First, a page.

The role of the critic, then, is to describe. What is the work doing? How is the work doing it? What happens to the work when it comes into contact with other works? And so on. Inherent in this approach is the act of participation, which requires the critic to become a part of the work by actively and creativly connecting with it.

Calvin Tomkins, in his preface to Off the Wall: A Portrait of Robert Rauschenberg, says “[I]t’s been my ambition to write about contemporary art not as a critic or a judge, but as a participant.”

To participate with an art object is to engage with its surface, to connect your machinic assemblage to its machinic assemblage, as Deleuze & Guattari would put it. But what is a “machinic assemblage” and how does it relate to our engagement with art, you ask? One example is described by Andreia Machado Oliveira and Felix Rebolledo in their paper, “The Associated Milieu: A Machinic Assemblage between Artwork and Viewer”:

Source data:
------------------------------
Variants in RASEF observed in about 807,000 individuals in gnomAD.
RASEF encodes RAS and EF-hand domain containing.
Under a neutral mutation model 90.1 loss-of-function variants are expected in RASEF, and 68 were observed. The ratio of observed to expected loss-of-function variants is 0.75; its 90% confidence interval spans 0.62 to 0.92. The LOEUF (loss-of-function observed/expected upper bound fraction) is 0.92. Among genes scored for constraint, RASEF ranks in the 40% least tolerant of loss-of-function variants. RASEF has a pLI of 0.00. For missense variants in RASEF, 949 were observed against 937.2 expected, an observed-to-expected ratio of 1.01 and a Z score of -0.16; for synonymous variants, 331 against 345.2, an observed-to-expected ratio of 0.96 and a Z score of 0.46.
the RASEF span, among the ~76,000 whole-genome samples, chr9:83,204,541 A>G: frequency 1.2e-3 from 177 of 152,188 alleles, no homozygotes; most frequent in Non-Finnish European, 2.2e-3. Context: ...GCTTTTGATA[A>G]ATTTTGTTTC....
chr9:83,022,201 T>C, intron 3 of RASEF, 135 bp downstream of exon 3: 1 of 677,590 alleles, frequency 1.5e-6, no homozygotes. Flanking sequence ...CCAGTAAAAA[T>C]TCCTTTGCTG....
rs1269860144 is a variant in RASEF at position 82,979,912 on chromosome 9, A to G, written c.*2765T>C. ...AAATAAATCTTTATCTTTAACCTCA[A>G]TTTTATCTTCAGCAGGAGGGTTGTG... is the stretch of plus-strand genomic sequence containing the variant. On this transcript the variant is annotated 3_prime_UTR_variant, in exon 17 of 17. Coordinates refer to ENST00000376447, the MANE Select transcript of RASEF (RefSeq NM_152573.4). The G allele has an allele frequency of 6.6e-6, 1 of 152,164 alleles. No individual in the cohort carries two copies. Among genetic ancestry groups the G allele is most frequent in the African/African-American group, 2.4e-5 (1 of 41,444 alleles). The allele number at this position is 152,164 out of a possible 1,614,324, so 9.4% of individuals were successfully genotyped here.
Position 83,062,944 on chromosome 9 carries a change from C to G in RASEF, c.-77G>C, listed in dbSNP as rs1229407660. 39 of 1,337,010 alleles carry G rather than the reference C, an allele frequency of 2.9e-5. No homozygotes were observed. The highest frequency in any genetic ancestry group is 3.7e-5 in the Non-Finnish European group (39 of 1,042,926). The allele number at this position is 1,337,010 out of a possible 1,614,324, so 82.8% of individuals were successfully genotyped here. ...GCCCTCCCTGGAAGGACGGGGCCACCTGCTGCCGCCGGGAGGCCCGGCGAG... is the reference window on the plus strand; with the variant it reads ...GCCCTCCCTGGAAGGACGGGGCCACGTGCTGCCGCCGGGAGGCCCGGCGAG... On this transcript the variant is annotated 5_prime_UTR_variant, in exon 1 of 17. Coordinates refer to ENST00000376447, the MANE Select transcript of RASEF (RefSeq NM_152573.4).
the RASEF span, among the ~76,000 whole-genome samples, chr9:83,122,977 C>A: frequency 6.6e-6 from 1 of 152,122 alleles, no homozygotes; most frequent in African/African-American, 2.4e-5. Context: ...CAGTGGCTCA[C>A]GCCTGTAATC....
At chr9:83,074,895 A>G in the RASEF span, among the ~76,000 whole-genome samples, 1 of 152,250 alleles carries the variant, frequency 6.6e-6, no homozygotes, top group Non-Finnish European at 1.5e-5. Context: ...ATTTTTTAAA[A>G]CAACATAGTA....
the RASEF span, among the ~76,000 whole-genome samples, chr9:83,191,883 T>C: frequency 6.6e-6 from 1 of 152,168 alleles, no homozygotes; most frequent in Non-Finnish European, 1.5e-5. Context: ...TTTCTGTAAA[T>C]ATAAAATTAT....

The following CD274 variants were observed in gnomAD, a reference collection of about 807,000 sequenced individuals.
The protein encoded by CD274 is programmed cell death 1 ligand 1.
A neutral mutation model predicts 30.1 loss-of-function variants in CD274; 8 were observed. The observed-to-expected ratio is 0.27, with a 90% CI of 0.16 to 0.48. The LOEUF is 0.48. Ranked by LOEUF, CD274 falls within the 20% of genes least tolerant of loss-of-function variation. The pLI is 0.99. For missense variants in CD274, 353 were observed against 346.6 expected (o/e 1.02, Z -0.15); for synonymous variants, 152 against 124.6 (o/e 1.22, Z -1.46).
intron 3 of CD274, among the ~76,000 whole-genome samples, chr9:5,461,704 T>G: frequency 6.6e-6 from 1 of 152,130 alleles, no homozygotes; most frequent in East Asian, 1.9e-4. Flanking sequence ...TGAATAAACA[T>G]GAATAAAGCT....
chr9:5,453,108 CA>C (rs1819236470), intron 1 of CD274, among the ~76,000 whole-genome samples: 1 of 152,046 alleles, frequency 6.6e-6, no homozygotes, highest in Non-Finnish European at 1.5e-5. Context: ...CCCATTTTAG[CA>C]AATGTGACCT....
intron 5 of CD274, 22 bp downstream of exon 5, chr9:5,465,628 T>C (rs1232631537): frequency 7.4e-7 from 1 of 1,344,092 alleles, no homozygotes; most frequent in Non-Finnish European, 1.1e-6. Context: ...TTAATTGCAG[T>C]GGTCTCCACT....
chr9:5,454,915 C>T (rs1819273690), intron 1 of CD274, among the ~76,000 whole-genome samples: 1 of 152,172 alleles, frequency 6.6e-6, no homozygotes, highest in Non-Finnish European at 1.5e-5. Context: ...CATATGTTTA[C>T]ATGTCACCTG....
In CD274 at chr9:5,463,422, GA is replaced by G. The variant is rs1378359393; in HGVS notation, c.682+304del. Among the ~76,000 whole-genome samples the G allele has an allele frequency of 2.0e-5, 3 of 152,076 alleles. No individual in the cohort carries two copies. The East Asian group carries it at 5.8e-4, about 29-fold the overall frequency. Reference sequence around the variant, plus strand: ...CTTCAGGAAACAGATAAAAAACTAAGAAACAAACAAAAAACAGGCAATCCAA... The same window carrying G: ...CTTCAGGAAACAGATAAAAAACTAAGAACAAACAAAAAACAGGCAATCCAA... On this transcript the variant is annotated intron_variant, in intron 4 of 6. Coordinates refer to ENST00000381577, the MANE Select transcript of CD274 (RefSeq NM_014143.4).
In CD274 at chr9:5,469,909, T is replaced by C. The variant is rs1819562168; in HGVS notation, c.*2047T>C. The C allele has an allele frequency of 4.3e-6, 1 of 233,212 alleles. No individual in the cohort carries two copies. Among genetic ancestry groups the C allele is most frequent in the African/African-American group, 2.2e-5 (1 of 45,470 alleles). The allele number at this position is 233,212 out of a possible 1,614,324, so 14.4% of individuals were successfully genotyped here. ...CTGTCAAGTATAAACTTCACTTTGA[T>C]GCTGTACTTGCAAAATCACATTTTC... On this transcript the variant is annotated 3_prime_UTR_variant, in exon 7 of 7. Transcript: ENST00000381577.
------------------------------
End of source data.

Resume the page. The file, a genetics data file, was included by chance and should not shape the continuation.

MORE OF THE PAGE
A real heavy paper, to be sure, thick with academic-speak, for which I have a particular fondness truth be told, but don’t let the jargon slow you down. To say it in another way, at least partly, they propose to reconceptualize the role of the viewer. Instead of thinking about the viewer as a separate entity apart from the artwork, they suggest thinking of the interaction between artwork/viewer as a creative act, a combinatory formation that resists “the linear causal chain of perception” in favor of a “succession of percepts and affects where pure sensation is the spontaneous ultimate content as image.”

For an example, we can return to Tomkins who describes his first encounter with Rauschenberg’s “Double Feature,” a painting with various collage elements that includes part of a man’s shirt with a pocket. “Glancing around to make sure no one was watching me,” he writes, “I fished a quarter out of my pocket and slipped it into the pocket of the shirt in the painting.” His act of participation with the artwork is a beautiful example of creative engagement, of identifying what the artwork can do and then connecting with it.